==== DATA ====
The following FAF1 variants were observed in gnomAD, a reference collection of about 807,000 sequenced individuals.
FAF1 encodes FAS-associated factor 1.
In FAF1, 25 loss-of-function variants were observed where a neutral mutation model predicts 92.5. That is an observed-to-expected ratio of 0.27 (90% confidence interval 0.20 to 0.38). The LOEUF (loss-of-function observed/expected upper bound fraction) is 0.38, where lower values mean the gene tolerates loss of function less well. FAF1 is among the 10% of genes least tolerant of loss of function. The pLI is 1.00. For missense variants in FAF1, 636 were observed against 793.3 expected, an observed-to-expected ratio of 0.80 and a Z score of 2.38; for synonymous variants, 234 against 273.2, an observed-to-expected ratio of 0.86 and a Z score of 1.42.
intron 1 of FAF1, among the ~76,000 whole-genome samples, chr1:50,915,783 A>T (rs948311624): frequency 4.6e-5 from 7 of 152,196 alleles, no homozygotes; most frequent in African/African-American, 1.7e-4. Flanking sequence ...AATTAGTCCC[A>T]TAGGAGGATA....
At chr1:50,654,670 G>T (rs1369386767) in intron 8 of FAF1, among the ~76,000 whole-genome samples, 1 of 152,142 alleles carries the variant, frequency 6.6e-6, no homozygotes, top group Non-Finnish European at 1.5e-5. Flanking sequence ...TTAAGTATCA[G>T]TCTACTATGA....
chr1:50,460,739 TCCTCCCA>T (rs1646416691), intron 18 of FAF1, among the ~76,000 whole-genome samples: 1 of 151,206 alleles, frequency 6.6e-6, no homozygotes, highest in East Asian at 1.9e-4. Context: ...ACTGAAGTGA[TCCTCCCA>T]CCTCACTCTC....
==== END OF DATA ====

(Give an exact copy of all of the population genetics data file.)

The following FAF1 variants were observed in gnomAD, a reference collection of about 807,000 sequenced individuals.
FAF1 encodes FAS-associated factor 1.
In FAF1, 25 loss-of-function variants were observed where a neutral mutation model predicts 92.5. That is an observed-to-expected ratio of 0.27 (90% confidence interval 0.20 to 0.38). The LOEUF (loss-of-function observed/expected upper bound fraction) is 0.38, where lower values mean the gene tolerates loss of function less well. FAF1 is among the 10% of genes least tolerant of loss of function. The pLI is 1.00. For missense variants in FAF1, 636 were observed against 793.3 expected, an observed-to-expected ratio of 0.80 and a Z score of 2.38; for synonymous variants, 234 against 273.2, an observed-to-expected ratio of 0.86 and a Z score of 1.42.
intron 1 of FAF1, among the ~76,000 whole-genome samples, chr1:50,915,783 A>T (rs948311624): frequency 4.6e-5 from 7 of 152,196 alleles, no homozygotes; most frequent in African/African-American, 1.7e-4. Flanking sequence ...AATTAGTCCC[A>T]TAGGAGGATA....
At chr1:50,654,670 G>T (rs1369386767) in intron 8 of FAF1, among the ~76,000 whole-genome samples, 1 of 152,142 alleles carries the variant, frequency 6.6e-6, no homozygotes, top group Non-Finnish European at 1.5e-5. Flanking sequence ...TTAAGTATCA[G>T]TCTACTATGA....
chr1:50,460,739 TCCTCCCA>T (rs1646416691), intron 18 of FAF1, among the ~76,000 whole-genome samples: 1 of 151,206 alleles, frequency 6.6e-6, no homozygotes, highest in East Asian at 1.9e-4. Context: ...ACTGAAGTGA[TCCTCCCA>T]CCTCACTCTC....